Passive Income and 3D Printing with Nancy Liang from Mixee Me

Posted by in Apps

Generating passive income has been the perennial daydream for developers, hobbyists, and Honeymooners alike. After all, who doesn’t want to lean back and watch their coffers grow? The promise of autonomous cash flows helped to propel Tim Ferris’s Four-Hour Work Week to cult-like status, and there is a whole spectrum of proponents ranging from those who use it to make some extra scratch to those who subsist on it entirely. If the dearth of pop business books is any indication, trying to nail down the mercurial recipe of low effort to high reward is anything but easy. 3D Printing services like Shapeways extend that promise to product designers by providing a marketplace and made-to-order fulfillment, but it begs the question: what are the implications of passive income in the design sphere? To help us navigate the changing landscape, I reached out to Mixee Labs Co-Founder and Shapeways Alum Nancy Liang. Mixee Labs is a web platform that allows developers to create their own applications that generate customizable 3D models using Javascript. Liang’s work includes a full stack of products starting from generating models (like the death-proof Sad Keanu), making creators to generate those models (Mixee Me), and now creating creator creators.  French cuff enthusiasts have reason to rejoice: Mixee Labs’ newest product allows the user to generate their own cufflinks directly from images. 

Before Mixee
Labs, you had a creator called Mixee Me that helped people to create their own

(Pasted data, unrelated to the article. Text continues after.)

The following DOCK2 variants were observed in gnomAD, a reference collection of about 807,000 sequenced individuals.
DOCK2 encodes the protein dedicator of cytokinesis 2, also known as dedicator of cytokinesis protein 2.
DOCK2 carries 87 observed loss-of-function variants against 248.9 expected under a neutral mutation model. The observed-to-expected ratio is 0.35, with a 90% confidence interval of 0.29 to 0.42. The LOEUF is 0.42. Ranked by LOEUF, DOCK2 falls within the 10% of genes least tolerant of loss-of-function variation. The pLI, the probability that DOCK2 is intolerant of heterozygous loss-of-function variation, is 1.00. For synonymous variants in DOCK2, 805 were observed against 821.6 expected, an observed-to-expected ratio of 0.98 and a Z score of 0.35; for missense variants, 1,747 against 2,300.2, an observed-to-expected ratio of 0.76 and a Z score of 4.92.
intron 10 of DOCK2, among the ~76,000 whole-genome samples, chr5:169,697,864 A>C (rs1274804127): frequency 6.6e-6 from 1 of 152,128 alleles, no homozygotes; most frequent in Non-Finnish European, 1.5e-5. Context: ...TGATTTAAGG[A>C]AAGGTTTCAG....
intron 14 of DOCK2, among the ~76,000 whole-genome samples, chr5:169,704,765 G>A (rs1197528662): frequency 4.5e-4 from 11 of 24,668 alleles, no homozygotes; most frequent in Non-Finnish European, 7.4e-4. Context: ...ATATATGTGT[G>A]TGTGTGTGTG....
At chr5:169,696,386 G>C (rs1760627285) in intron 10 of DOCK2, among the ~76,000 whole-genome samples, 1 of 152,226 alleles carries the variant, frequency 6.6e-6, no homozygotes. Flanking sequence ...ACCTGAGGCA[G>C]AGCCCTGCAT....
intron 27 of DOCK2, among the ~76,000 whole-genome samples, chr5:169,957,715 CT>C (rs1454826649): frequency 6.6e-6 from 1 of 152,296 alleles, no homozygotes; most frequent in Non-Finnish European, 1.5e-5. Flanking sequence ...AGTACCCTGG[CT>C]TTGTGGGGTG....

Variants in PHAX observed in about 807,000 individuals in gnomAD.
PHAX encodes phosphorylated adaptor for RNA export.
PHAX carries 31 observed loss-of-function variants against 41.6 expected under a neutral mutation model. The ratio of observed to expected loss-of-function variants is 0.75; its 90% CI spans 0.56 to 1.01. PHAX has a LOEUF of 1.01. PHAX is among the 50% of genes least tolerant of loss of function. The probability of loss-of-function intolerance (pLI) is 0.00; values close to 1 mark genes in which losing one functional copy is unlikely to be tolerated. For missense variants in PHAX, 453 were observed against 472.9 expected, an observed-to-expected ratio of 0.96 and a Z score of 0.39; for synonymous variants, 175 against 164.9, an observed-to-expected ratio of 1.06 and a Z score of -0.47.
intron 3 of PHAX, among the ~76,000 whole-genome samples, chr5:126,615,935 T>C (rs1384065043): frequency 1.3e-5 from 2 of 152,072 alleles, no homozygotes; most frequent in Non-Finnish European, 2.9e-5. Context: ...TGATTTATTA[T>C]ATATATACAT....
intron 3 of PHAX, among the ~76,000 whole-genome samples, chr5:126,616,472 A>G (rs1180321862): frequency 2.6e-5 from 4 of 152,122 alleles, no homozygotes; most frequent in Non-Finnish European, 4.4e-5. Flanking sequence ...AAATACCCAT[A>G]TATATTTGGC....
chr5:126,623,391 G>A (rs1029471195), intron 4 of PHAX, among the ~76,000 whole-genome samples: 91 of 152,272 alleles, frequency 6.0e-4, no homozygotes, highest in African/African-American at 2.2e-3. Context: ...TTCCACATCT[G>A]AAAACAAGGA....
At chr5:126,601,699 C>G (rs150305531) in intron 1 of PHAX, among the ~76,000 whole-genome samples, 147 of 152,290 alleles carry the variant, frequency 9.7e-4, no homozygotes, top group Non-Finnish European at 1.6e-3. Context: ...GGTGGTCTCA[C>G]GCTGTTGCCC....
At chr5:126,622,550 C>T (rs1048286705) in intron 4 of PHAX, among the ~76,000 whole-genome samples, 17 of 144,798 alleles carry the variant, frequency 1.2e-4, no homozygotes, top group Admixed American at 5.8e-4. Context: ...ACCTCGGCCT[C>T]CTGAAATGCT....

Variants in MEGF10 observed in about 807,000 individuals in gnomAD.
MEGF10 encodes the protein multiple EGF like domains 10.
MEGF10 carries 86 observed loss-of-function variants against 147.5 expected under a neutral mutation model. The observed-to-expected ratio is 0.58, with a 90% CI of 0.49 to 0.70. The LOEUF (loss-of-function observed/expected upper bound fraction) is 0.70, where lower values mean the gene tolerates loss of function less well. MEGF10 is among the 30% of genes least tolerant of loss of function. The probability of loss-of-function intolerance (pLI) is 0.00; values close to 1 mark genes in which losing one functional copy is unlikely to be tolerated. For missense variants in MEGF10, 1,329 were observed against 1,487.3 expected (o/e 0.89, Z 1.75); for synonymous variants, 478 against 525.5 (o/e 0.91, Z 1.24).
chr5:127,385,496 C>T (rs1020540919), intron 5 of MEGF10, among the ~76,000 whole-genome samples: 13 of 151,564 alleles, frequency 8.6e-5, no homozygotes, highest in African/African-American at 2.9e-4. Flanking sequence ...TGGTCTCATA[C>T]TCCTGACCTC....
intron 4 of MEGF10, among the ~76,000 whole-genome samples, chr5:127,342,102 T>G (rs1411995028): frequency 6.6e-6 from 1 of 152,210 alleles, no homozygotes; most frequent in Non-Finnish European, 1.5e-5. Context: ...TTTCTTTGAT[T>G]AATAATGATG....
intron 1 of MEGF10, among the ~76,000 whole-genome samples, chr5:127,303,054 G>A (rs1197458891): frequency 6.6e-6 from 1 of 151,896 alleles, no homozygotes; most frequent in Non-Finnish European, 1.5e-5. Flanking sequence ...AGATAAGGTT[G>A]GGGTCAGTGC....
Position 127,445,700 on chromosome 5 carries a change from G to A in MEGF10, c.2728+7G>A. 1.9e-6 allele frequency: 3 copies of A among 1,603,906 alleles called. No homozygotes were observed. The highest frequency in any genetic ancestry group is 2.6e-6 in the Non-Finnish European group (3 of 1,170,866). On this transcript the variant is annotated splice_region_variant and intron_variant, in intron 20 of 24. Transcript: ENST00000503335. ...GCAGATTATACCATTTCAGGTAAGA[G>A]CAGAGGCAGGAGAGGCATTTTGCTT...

personalized action figures in Full Color Sandstone. Does traffic spike after
an onslaught of users and then level off? How do you buoy your creator’s
popularity by driving traffic and generating revenue over time?

Traffic definitely went up during launch, and sustained pretty
well throughout Holiday season and afterwards. We’re starting to see repeat
customers and referrals as well, which is good for sustained source of traffic.

One of the
greatest advantages to using Shapeways is that a designer no longer has to hold
inventory, but the downside of that the designer has to rely on Shapeways’
internal Quality Assurance standards. What are options for designers who want a
little more control over their brand?

Brand control is one of the most popular requests from
designers, and it is totally understandable. Right now, Mixee Labs is just two
people–and as a small team starting up, we need to pick and choose what we focus:
software, business development, production, marketing, and so on. Our strategy
is that we focus on product first–building an awesome platform that will make
things like business [development] and marketing much easier when the time
comes. Having Shapeways take control of production, to us, is a good trade off
at this stage since we can put more focus on building our core product. That
said, not everybody has the same strategy. Some designers might want to put
focus on building a brand, or maybe their core product and their brand is the
same thing. For us, it works out though.

Also remember, I used to
run production and the shipping (which includes QA) team at Shapeways. It’s not
an easy job! Taking on production
ourselves is a lot more complex than most people think.

For Mixee Labs, you allow
any developer to create their own browser based application and adjust parameters with Three.js. How do you envision the adoption of this technology?

We plan on working very
closely with our designers to make apps. We don’t want to just allow any apps
on our site, but we want to make sure the apps we do enable have an interesting